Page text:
Sumner: “They seemed like pretty nice chaps. I think they were Joy Division fans. I have said some bitchy things about Bono since then, but the truth is, if I’m honest, I’m a little bit jealous of them. They were our peers, but things seemed to go so smoothly for them, whereas things seemed to go disastrously wrong for us at every turn. We seemed to be ill-fated…”

By early April, Closer was being mixed, and Factory booked the band three shows as part of a label showcase at the Moonlight in West Hampstead – “A folly of Factory-sized proportions,” says Terry Mason. “Our major preoccupation was keeping an eye on Ian to look for the signs of a seizure taking hold.”

On the last night, April 4, Joy Division played twice: a headline slot at the Moonlight, and earlier at a Stranglers benefit (Hugh Cornwell had just been busted for heroin), at the Rainbow in Finsbury Park. During both, Curtis suffered grand mal seizures. “I hauled Ian offstage and forced my way to the dressing rooms,” continues Mason. “This time it was different. In the past, Ian would just lock up, but on the way downstairs he seemed to lose every bone in his body and was like a rag doll.”

Two days later, on Easter Sunday and back at home in Macclesfield, Curtis took an overdose of barbiturates. Tony Wilson, Gretton and Lindsay Reade, Wilson’s wife, were driving over to see him, playing Closer in the car.

“I just remember thinking, ‘Bloody hell, this is really amazing,’” says Reade. Remarkably, the band’s next show – in Bury, on April 8 – was not postponed. Instead, Curtis sang two songs from Closer, “The Eternal” and “Decades”, while Alan Hempsall of Crispy Ambulance and Simon Topping of A Certain Ratio filled in for him on the other songs. “Hooky told me of Ian’s suicide attempt and neither of us could understand why it was going ahead,” says Mason. “It brought a new realisation of Ian’s condition. After Bury, the obvious thing would have been to just shut up shop for a while, but yet again there was still the need for bringing money in to help fund the forthcoming US tour.”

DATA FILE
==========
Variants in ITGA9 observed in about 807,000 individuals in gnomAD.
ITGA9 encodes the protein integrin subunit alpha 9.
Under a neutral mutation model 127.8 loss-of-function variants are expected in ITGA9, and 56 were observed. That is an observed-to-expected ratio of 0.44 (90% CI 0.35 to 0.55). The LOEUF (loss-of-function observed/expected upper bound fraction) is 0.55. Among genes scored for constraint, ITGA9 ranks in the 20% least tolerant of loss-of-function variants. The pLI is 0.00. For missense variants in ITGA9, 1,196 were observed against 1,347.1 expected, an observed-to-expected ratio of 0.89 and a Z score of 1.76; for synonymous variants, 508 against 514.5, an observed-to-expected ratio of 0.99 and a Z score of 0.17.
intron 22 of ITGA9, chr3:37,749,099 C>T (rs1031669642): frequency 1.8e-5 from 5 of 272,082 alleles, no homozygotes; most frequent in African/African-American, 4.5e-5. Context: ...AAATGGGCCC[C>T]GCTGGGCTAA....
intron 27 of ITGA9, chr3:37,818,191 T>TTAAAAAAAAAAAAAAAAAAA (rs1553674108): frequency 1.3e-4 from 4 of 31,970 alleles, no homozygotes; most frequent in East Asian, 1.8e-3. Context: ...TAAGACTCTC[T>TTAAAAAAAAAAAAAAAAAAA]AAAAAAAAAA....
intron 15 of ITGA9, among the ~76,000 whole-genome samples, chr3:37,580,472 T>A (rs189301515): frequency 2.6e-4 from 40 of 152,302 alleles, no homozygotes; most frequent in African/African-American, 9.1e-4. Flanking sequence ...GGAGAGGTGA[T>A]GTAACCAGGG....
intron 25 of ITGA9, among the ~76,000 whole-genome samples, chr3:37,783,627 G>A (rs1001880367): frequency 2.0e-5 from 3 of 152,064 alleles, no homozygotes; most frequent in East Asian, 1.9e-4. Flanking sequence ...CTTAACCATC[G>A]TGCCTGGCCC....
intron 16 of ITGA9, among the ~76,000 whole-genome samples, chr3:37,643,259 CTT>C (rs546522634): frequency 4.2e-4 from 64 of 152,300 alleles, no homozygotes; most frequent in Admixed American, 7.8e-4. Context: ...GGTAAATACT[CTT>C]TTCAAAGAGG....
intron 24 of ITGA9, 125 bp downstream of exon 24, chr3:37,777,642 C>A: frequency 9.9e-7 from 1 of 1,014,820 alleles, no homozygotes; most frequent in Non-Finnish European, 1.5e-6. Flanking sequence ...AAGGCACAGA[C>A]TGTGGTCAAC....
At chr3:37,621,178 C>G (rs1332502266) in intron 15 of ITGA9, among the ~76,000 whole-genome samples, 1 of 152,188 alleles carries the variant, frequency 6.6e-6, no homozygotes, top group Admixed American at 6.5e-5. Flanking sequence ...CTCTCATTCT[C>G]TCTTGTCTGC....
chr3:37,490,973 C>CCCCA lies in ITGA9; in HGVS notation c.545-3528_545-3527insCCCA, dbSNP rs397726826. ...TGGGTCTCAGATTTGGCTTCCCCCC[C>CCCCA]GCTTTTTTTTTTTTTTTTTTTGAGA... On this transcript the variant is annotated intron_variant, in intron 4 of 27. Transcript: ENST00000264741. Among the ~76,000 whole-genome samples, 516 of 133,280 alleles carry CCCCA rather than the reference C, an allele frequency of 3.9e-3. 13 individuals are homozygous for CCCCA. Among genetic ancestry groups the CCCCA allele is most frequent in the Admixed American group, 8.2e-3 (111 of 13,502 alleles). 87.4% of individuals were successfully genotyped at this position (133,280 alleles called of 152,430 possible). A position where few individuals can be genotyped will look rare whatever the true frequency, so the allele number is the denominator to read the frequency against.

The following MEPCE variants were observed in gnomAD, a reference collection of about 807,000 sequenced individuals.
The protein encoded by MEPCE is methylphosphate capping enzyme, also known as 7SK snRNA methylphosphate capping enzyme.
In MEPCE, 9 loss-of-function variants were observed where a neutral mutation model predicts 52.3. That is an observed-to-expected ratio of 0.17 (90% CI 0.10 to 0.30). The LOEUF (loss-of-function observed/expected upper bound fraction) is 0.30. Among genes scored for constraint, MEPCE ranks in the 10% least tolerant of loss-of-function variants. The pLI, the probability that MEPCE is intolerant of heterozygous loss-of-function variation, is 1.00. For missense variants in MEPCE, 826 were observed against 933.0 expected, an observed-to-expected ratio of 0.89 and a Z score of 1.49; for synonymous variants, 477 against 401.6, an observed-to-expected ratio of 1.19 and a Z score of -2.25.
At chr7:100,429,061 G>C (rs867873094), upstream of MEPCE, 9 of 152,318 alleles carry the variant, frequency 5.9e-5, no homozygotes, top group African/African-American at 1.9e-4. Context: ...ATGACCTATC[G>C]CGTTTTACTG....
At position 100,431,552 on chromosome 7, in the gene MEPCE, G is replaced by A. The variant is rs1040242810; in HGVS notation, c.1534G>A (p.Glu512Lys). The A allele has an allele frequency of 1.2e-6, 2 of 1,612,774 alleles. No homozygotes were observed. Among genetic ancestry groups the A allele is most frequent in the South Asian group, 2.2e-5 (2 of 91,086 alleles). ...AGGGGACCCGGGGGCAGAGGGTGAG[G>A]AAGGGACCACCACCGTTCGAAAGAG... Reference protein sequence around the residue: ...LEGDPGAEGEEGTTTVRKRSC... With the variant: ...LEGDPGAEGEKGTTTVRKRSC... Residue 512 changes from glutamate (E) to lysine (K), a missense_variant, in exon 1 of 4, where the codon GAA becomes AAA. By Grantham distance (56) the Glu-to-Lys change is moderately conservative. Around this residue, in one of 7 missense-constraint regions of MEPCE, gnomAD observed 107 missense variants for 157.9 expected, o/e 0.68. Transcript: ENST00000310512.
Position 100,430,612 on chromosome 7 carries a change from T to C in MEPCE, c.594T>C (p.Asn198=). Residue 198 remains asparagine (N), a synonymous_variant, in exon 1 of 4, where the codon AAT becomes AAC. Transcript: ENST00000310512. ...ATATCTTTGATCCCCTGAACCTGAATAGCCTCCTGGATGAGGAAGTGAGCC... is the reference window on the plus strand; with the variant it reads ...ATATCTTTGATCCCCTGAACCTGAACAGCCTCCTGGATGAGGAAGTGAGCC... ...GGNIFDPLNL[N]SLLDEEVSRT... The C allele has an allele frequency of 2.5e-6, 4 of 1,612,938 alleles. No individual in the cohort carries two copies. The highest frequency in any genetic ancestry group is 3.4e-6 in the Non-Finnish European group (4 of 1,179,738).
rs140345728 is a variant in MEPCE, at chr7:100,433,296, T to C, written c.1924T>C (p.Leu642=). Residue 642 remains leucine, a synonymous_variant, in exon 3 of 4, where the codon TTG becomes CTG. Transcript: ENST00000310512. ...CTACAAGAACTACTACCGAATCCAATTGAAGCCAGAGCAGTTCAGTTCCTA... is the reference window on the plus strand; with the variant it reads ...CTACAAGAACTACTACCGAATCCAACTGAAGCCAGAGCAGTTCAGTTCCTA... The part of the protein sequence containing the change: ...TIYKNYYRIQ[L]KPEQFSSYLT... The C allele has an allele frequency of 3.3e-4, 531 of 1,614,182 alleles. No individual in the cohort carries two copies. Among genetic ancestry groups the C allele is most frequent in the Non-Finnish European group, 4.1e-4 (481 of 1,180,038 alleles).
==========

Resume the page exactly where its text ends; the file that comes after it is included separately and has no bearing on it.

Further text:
“It was quite handy to have the softer, quieter songs for the simple reason that Ian didn’t get as wound up during the sets,” adds Hook. “On the faster, rockier ones he would go off like a rocket. He sang a couple of the quiet ones in Bury, but we shouldn’t have done Bury. That was a really bad mistake.”

“Ian was his own worst enemy,” says Hempsall. “If he’d turned around even once and gone, ‘Actually guys, I’m not up for this, I can’t do it,’ that would have been understandable. But he didn’t, because he wanted the band to be a success. That was all just a by-product of people sweeping things under the carpet and pretending everything was OK.”

“Rob [Gretton] said to me he thought it was a cry for help,” remembers Vini Reilly. “I actually told Rob I didn’t think it was a cry for help, I thought it was genuine. The fact that he told Debbie when she arrived that he’d taken an overdose was neither here nor there. He was serious – he really wanted out because he couldn’t bear it any more. He was in a very dark place in his mind, but because he had the social skills and was so good at just being one of the lads and having a laugh, it was very hard to spot.”

Susanne O’Hara recalls a time in early May when she was loading a film projector into the back of her Volvo. “I bent over to push it into the back seat and Ian smacked my bum,” she says. “He made some remark about a nice bum. He was cheerful.”

Sumner: “You never had a heart to heart with Ian. But he did say to me late one night that he felt like he was in a whirlpool, and it was dragging him down, and he couldn’t get out of it. He also said all his lyrics seemed to be coming to very quick conclusions, like they seemed to be writing themselves.

“As far as his relationships go, his marriage [to Deborah] and being with Annik, I regarded that as his territory. There was group business, and what he wanted to do with his private life was his own business. Ian had a certain unpredictable quality as well, and his way of dealing with problems was very extreme and explosive. He wanted our music to be like that.”